Being able to give feedback is essential for anyone in a leadership role. In some organisations, feedback is pro-actively encouraged. In others, it is a process that happens but once a year. As a leader, you will want to develop the talent in your team. One way to do this is to create a culture where feedback is asked for and received regularly.




The word feedback suggests providing comments or thoughts on how someone has just performed. Marhsall Goldsmith, leadership coach, introduced the concept of ‘feed-forward’. The idea of giving people your thoughts about their potential – where could they go next, what might they develop to achieve their potential. My recommendation is to offer a combination of both feedback and feed-forward.

I also encourage you to pro-actively seek feed-forward from your stakeholders e.g. ‘in your experience of me, what do you think I should develop further to achieve my potential?’

As you prepare to give someone feedback I recommend you think about three essential ingredients:

  1. Think about your intention. What is your intention in giving this feedback? Is it to motivate and inspire? Is it to let them know that something is not working and they need to develop new skills? Is it acknowledge them for their contribution and provide a stretch?
  2. Think about the impact you want to create. Do you want them to leave feeling inspired? Do you want them reflect and learn from what didn’t go well and create opportunities to learn new skills? Do you want them to believe they can make changes and move forward?
  3. Think about the place where you have the conversation. The place needs to be one which says to the person ‘this conversation is important and you matter’. The place needs to be free from interruption, where you both feel comfortable.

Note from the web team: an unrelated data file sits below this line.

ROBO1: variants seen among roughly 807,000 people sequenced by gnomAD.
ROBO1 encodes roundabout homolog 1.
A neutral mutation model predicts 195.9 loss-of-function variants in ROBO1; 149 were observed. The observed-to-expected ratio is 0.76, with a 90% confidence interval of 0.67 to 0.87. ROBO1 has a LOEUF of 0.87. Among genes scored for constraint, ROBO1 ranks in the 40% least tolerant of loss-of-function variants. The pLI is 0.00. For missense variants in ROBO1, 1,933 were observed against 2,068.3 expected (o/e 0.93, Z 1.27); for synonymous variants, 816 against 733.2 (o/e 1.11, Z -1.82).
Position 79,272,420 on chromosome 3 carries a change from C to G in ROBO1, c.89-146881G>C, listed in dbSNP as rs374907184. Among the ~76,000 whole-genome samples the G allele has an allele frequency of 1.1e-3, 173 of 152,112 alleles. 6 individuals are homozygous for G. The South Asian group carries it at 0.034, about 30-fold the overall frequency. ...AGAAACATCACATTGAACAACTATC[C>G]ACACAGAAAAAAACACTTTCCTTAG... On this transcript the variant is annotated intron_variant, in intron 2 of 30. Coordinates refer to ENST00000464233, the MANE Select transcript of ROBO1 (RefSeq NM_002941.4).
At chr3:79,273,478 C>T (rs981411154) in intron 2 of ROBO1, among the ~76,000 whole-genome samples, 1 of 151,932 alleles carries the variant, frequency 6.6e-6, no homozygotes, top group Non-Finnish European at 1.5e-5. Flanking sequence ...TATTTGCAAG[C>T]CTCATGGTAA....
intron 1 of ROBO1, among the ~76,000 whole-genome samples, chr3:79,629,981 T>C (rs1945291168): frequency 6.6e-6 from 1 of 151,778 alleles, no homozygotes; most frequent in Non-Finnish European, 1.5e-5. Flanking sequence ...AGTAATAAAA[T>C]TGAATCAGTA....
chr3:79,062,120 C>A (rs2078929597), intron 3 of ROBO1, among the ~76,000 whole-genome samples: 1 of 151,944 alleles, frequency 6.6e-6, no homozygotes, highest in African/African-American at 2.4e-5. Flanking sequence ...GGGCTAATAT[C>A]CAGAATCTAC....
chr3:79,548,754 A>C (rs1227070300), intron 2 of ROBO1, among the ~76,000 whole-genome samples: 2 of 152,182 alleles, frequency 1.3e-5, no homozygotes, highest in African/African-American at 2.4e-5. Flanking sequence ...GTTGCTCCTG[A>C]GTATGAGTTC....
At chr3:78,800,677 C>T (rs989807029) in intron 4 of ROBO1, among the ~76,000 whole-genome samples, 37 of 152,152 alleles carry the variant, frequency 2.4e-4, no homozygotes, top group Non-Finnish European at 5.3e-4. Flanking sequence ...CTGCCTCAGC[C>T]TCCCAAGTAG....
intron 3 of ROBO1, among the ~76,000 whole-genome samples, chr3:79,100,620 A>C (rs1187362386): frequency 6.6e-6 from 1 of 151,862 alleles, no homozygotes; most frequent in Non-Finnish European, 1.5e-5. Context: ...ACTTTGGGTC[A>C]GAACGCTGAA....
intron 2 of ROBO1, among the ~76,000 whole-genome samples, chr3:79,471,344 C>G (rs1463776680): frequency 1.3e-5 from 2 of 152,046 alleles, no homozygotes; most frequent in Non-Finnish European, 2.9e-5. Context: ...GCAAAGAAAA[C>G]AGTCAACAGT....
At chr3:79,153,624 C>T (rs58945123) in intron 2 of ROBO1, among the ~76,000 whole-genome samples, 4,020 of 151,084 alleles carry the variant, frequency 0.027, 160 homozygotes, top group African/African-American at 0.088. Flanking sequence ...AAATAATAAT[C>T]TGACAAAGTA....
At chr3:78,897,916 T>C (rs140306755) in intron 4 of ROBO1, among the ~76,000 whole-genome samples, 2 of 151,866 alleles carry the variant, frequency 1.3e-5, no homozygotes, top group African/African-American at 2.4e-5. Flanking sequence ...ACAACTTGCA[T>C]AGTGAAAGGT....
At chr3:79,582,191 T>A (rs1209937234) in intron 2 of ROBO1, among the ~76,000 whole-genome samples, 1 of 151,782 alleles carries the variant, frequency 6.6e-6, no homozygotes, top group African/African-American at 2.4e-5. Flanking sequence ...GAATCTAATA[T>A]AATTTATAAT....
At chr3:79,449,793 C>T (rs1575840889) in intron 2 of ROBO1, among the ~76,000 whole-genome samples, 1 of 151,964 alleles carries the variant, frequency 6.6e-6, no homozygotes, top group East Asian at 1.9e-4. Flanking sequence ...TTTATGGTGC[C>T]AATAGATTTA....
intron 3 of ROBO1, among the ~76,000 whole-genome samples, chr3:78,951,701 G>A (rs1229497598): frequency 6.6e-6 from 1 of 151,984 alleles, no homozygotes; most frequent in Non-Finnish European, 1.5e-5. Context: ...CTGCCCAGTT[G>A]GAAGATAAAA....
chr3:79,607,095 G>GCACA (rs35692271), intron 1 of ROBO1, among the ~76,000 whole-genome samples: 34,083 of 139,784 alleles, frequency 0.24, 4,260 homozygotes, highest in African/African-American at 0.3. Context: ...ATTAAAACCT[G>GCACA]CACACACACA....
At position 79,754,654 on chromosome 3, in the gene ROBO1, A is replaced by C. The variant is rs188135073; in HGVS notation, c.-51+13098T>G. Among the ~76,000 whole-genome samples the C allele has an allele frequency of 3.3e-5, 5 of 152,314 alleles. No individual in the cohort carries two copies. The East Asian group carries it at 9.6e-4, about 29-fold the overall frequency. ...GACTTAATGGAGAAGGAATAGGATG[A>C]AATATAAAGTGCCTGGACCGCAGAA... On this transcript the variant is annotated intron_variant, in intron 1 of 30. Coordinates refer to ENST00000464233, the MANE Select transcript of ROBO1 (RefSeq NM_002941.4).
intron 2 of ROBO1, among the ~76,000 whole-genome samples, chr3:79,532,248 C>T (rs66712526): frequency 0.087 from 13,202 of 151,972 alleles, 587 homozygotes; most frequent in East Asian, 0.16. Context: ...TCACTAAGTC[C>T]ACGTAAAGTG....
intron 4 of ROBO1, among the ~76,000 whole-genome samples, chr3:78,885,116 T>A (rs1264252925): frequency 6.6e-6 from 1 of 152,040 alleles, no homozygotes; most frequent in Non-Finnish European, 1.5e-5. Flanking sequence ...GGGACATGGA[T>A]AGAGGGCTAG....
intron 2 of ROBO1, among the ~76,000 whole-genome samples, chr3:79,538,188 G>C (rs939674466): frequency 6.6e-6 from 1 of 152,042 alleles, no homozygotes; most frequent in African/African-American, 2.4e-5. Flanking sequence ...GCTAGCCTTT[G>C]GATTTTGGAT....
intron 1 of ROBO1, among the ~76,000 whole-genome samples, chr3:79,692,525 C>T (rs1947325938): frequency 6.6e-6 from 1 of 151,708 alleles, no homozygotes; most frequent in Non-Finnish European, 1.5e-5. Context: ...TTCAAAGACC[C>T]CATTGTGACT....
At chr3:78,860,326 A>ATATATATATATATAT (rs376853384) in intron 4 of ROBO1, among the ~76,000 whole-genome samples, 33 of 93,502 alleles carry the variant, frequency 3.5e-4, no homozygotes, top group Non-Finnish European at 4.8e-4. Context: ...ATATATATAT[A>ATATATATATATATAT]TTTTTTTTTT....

Whether you are giving feedback on the spot or, even better, you have time to prepare the feedback, consider the three ‘S’s. Be specific about what you have seen, heard and felt. Provide evidence and the facts. Be sincere in how you deliver the feedback and be succinct.

Neuroscience research has shown that the brain responds better to appreciation than criticism at a ratio of 5:1. This suggests that when we give feedback it is important to acknowledge and appreciate one another. When we do this, the blood flows increases to our brain enabling it to function better and ignite new thinking. Of course we also want to offer constructive feedback that may appear or sound critical. It is the ratio in which we give the feedback that will make the difference as to whether we motivate or demotivate an individual.

For feedback to be received well, I recommend asking the individual to give feedback on himself or herself first e.g. ‘If you were to give feedback on you – what would you say?’ This question helps the individual to begin thinking for himself or herself. Some will naturally be more critical than others and this will give you an indication in how to structure your feedback. Others may feel they have performed better than you think they have. Once the individual has shared his/her thoughts, you can offer your thoughts being specific, sincere and succinct.

Paying attention to the intention, impact and place to give feedback will enhance your leadership skills in giving feedback. As the saying suggests, people join organisations and leave mangers – don’t allow someone to leave your organisation as a result of poorly executed feedback.

What do you think about as you prepare to give feedback?



Kline, N. (2010). More Time to Think – A way of being in the World. Fisher King Publishing

Rock, D. (2008) SCARF: a brain-based model for collaborating and influencing others. Neuro- leadership Journal